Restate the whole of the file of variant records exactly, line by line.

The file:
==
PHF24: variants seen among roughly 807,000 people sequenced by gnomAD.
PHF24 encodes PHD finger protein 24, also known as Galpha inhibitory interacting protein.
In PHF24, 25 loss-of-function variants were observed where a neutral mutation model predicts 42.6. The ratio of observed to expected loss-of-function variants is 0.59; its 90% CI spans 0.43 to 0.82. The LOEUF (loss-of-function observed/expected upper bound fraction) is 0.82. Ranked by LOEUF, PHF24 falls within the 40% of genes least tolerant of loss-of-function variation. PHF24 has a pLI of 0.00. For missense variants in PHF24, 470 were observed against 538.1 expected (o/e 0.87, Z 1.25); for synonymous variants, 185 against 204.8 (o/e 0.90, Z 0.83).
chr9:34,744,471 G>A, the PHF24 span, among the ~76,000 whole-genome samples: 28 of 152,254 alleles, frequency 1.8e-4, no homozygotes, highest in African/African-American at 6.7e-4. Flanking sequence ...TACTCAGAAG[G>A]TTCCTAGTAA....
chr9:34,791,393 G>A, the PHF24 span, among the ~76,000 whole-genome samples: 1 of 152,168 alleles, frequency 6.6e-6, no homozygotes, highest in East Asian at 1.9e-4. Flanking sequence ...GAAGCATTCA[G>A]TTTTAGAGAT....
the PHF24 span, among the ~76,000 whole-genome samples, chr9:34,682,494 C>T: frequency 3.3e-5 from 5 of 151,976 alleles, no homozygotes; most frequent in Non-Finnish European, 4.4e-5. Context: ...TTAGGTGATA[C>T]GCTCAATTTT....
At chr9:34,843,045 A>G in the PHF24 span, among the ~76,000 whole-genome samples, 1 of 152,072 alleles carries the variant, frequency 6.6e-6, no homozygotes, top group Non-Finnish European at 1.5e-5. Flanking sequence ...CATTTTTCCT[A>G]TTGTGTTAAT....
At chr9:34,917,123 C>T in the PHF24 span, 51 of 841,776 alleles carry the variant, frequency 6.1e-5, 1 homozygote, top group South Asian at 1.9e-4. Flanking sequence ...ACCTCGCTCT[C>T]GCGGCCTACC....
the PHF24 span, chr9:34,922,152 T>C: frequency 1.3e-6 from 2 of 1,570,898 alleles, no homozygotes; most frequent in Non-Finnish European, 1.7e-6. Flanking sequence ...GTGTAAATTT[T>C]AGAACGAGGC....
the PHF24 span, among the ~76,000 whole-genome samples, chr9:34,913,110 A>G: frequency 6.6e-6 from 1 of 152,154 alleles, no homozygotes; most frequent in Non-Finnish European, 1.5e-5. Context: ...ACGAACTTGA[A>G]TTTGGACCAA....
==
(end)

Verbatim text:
PHF24: variants seen among roughly 807,000 people sequenced by gnomAD.
PHF24 encodes PHD finger protein 24, also known as Galpha inhibitory interacting protein.
In PHF24, 25 loss-of-function variants were observed where a neutral mutation model predicts 42.6. The ratio of observed to expected loss-of-function variants is 0.59; its 90% CI spans 0.43 to 0.82. The LOEUF (loss-of-function observed/expected upper bound fraction) is 0.82. Ranked by LOEUF, PHF24 falls within the 40% of genes least tolerant of loss-of-function variation. PHF24 has a pLI of 0.00. For missense variants in PHF24, 470 were observed against 538.1 expected (o/e 0.87, Z 1.25); for synonymous variants, 185 against 204.8 (o/e 0.90, Z 0.83).
chr9:34,744,471 G>A, the PHF24 span, among the ~76,000 whole-genome samples: 28 of 152,254 alleles, frequency 1.8e-4, no homozygotes, highest in African/African-American at 6.7e-4. Flanking sequence ...TACTCAGAAG[G>A]TTCCTAGTAA....
chr9:34,791,393 G>A, the PHF24 span, among the ~76,000 whole-genome samples: 1 of 152,168 alleles, frequency 6.6e-6, no homozygotes, highest in East Asian at 1.9e-4. Flanking sequence ...GAAGCATTCA[G>A]TTTTAGAGAT....
the PHF24 span, among the ~76,000 whole-genome samples, chr9:34,682,494 C>T: frequency 3.3e-5 from 5 of 151,976 alleles, no homozygotes; most frequent in Non-Finnish European, 4.4e-5. Context: ...TTAGGTGATA[C>T]GCTCAATTTT....
At chr9:34,843,045 A>G in the PHF24 span, among the ~76,000 whole-genome samples, 1 of 152,072 alleles carries the variant, frequency 6.6e-6, no homozygotes, top group Non-Finnish European at 1.5e-5. Flanking sequence ...CATTTTTCCT[A>G]TTGTGTTAAT....
At chr9:34,917,123 C>T in the PHF24 span, 51 of 841,776 alleles carry the variant, frequency 6.1e-5, 1 homozygote, top group South Asian at 1.9e-4. Flanking sequence ...ACCTCGCTCT[C>T]GCGGCCTACC....
the PHF24 span, chr9:34,922,152 T>C: frequency 1.3e-6 from 2 of 1,570,898 alleles, no homozygotes; most frequent in Non-Finnish European, 1.7e-6. Flanking sequence ...GTGTAAATTT[T>C]AGAACGAGGC....
the PHF24 span, among the ~76,000 whole-genome samples, chr9:34,913,110 A>G: frequency 6.6e-6 from 1 of 152,154 alleles, no homozygotes; most frequent in Non-Finnish European, 1.5e-5. Context: ...ACGAACTTGA[A>G]TTTGGACCAA....